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LinkedIn Endorsements

LinkedIn created an endorsement program six months ago in an effort to generate more engagement (time on site), interaction and data value.

Here is a smart analysis of LinkedIn Endorsements from Wayne Breitbarth from JibberJobber.com.


Some people are getting out the cake and candles to celebrate six months of LinkedIn Endorsements, but others are cursing the day LinkedIn released that annoying feature and hoping it will soon go away.

Personally, my feelings have been mixed. However, LinkedIn seems very invested in this feature, and so it probably won't go away anytime soon.

So, here are ten facts and tips to help you maximize your use of LinkedIn Endorsements.

  1. You can only receive endorsements from 1st level connections and for skills you have acknowledged you possess. If you receive a message from LinkedIn saying John Jones wants to endorse you for basket weaving, don't say yes if you aren't a good basket weaver or don't want basket weaving listed in your Skills section.
  2. You can manage them to a certain extent. When you are in Edit Profile mode, click the pencil icon (to the right of the words Skills & Expertise). You can then:
    • Add or delete a skill
    • Hide a specific endorsement
    • Choose whether or not you will display your endorsements on your profile
    • Choose where the Endorsement section will be positioned on your profile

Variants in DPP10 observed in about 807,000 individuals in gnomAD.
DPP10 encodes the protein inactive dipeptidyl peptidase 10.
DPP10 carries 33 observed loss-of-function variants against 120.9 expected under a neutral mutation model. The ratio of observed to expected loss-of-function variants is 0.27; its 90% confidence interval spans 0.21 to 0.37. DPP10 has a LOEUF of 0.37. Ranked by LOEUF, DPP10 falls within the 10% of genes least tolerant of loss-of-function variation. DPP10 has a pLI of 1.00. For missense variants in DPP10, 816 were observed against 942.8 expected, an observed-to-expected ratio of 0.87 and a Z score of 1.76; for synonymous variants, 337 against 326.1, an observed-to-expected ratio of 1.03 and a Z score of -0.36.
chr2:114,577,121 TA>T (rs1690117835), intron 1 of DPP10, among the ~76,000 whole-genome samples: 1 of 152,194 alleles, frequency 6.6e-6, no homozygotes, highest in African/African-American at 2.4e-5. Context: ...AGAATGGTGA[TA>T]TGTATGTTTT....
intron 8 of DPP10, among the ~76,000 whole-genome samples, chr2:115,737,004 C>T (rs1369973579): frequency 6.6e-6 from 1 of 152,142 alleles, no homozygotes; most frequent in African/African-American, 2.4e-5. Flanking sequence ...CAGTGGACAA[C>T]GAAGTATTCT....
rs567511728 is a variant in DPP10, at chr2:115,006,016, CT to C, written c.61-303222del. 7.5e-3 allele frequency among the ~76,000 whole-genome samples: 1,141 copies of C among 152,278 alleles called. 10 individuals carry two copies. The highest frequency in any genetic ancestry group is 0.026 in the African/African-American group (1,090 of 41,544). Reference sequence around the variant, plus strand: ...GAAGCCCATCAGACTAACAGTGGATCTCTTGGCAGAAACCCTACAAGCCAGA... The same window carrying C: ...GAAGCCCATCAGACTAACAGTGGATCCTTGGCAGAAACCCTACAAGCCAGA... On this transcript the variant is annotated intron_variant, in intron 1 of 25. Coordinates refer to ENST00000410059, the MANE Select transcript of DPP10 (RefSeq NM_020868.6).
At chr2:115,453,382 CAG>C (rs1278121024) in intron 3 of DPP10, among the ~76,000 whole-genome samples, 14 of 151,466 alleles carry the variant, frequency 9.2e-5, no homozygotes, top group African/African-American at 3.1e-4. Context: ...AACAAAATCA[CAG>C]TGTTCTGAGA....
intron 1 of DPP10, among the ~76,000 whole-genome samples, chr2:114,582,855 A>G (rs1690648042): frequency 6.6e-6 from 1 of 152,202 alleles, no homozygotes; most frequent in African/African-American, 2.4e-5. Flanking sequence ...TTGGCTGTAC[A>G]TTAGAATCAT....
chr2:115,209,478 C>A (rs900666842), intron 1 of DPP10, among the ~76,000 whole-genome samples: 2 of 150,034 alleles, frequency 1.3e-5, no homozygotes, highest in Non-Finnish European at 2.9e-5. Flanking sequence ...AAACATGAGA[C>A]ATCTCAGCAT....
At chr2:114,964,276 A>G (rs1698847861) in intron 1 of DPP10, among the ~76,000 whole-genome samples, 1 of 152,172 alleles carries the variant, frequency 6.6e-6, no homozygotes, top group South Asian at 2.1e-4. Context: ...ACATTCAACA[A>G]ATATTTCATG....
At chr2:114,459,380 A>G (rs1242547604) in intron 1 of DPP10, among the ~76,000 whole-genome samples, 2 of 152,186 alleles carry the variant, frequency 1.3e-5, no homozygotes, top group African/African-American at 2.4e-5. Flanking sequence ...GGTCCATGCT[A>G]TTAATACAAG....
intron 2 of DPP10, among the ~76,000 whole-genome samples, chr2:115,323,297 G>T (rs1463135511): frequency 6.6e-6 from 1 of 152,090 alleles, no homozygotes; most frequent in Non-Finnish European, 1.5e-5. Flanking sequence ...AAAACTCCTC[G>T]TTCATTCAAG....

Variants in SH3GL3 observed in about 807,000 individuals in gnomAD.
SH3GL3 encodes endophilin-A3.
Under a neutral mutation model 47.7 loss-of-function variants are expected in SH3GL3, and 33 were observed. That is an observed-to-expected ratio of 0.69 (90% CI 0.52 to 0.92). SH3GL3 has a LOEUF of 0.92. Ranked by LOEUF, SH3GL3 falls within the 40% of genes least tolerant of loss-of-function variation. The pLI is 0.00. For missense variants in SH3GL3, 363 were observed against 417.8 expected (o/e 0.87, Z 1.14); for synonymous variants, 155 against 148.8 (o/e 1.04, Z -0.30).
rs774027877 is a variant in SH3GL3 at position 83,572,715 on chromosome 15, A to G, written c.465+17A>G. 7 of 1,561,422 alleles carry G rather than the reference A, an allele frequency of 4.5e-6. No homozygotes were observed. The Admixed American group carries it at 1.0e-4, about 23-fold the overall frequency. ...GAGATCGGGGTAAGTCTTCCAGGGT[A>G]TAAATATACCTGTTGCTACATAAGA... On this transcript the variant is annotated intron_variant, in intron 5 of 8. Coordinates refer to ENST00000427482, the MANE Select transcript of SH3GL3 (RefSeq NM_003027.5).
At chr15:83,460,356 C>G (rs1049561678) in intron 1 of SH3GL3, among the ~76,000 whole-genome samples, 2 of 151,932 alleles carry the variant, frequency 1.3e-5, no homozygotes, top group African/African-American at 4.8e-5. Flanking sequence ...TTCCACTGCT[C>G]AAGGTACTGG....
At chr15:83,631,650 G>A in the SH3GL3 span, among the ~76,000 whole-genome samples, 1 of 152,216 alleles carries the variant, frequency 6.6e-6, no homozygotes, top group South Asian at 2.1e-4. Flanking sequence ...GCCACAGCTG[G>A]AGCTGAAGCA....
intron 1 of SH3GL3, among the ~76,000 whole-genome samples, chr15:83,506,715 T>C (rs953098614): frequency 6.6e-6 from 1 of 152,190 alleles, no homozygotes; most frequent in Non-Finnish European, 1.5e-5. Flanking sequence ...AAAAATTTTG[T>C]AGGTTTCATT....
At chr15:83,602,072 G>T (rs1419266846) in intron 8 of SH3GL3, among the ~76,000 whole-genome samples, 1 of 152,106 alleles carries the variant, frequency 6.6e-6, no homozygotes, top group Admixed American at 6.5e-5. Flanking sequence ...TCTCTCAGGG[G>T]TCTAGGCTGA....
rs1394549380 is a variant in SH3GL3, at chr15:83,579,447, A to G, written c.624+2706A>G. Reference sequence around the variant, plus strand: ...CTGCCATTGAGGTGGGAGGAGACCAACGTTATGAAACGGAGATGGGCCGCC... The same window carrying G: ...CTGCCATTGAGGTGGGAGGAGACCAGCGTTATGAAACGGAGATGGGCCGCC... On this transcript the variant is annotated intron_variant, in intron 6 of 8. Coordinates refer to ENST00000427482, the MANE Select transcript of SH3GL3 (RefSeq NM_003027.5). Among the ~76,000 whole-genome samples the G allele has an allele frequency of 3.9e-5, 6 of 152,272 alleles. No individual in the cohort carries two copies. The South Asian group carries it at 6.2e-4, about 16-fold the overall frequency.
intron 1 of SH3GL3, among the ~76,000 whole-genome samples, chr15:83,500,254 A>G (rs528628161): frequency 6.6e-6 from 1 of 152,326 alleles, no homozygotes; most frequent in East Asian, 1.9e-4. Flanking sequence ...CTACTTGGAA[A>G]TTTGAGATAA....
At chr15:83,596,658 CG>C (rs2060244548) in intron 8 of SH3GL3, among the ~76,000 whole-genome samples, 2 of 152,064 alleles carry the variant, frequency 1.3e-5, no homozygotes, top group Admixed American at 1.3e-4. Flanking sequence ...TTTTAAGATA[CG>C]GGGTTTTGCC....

3. You can't reorder them. They show up in order of most endorsed to least endorsed.
  4. You can be endorsed for up to 50 skills. To me these look like keywords, and LinkedIn and other search engines love keywords; so I would use all 50 slots if I were you.
  5. You don't have to endorse everyone who endorses you. If you want to endorse them, go ahead, but don't feel obligated to do so.
  6. If endorsements aren't already part of the LinkedIn search algorithm, they will be. Trust me on this one. LinkedIn doesn't invest this much time and effort on something that isn't going to help their stock price. They are making a lot of money on their Recruiting Solutions, and they obviously think this feature helps them deliver the "best" candidate for a certain skill ("best" meaning most endorsed).
  7. List skills that are consistent with your current or future business strategy. Because your skills that receive the most endorsements will be at the top of the list (and most people will probably only look at the first few skills), you want them to be your most important skills. If you list extraneous skills, you may get a lot of endorsements for them, and then no one will even notice your most important skills that are now further down on the list.
  8. You might get someone's attention if you endorse them. Your face and name will appear on their profile, and they also get an email from LinkedIn telling them you just endorsed them.
  9. Endorsements may be the differentiator. If two profiles look similar in all respects but one has 120 endorsements for the skill you're looking for and the other has only 20, you may be inclined to choose the person with 120.
  10. Endorsements are great, but LinkedIn Recommendations are still important. I recommend you get at least two or three recommendations for every job entry on your profile. This is especially important if you're a job seeker. Great recommendations will increase your credibility. The more the better.